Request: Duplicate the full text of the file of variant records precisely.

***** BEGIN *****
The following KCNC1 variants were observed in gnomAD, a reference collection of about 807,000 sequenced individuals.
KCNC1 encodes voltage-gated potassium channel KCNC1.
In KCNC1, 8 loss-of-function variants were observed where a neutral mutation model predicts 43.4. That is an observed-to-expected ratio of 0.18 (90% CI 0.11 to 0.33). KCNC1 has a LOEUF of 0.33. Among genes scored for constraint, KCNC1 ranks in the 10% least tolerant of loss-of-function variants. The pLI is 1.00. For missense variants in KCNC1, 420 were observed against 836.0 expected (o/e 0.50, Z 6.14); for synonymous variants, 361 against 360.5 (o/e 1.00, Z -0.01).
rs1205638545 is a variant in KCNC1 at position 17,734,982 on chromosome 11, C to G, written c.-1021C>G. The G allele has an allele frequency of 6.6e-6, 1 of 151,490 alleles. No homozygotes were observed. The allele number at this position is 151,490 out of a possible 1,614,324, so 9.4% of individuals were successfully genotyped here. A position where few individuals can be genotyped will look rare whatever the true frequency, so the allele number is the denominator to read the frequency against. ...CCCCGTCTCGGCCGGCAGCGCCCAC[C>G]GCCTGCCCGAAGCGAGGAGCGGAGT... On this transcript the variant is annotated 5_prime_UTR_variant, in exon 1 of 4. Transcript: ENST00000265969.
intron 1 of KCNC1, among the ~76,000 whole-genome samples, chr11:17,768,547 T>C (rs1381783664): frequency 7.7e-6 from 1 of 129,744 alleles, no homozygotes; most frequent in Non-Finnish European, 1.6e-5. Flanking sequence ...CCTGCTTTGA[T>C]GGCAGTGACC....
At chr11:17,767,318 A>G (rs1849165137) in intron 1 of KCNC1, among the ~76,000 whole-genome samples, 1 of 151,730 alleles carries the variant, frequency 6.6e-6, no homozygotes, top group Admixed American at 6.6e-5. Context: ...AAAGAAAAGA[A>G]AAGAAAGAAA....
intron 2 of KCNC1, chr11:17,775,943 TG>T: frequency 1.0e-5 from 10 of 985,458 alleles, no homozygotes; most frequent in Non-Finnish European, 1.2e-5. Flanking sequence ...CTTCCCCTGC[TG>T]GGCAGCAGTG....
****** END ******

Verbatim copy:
The following KCNC1 variants were observed in gnomAD, a reference collection of about 807,000 sequenced individuals.
KCNC1 encodes voltage-gated potassium channel KCNC1.
In KCNC1, 8 loss-of-function variants were observed where a neutral mutation model predicts 43.4. That is an observed-to-expected ratio of 0.18 (90% CI 0.11 to 0.33). KCNC1 has a LOEUF of 0.33. Among genes scored for constraint, KCNC1 ranks in the 10% least tolerant of loss-of-function variants. The pLI is 1.00. For missense variants in KCNC1, 420 were observed against 836.0 expected (o/e 0.50, Z 6.14); for synonymous variants, 361 against 360.5 (o/e 1.00, Z -0.01).
rs1205638545 is a variant in KCNC1 at position 17,734,982 on chromosome 11, C to G, written c.-1021C>G. The G allele has an allele frequency of 6.6e-6, 1 of 151,490 alleles. No homozygotes were observed. The allele number at this position is 151,490 out of a possible 1,614,324, so 9.4% of individuals were successfully genotyped here. A position where few individuals can be genotyped will look rare whatever the true frequency, so the allele number is the denominator to read the frequency against. ...CCCCGTCTCGGCCGGCAGCGCCCAC[C>G]GCCTGCCCGAAGCGAGGAGCGGAGT... On this transcript the variant is annotated 5_prime_UTR_variant, in exon 1 of 4. Transcript: ENST00000265969.
intron 1 of KCNC1, among the ~76,000 whole-genome samples, chr11:17,768,547 T>C (rs1381783664): frequency 7.7e-6 from 1 of 129,744 alleles, no homozygotes; most frequent in Non-Finnish European, 1.6e-5. Flanking sequence ...CCTGCTTTGA[T>C]GGCAGTGACC....
At chr11:17,767,318 A>G (rs1849165137) in intron 1 of KCNC1, among the ~76,000 whole-genome samples, 1 of 151,730 alleles carries the variant, frequency 6.6e-6, no homozygotes, top group Admixed American at 6.6e-5. Context: ...AAAGAAAAGA[A>G]AAGAAAGAAA....
intron 2 of KCNC1, chr11:17,775,943 TG>T: frequency 1.0e-5 from 10 of 985,458 alleles, no homozygotes; most frequent in Non-Finnish European, 1.2e-5. Flanking sequence ...CTTCCCCTGC[TG>T]GGCAGCAGTG....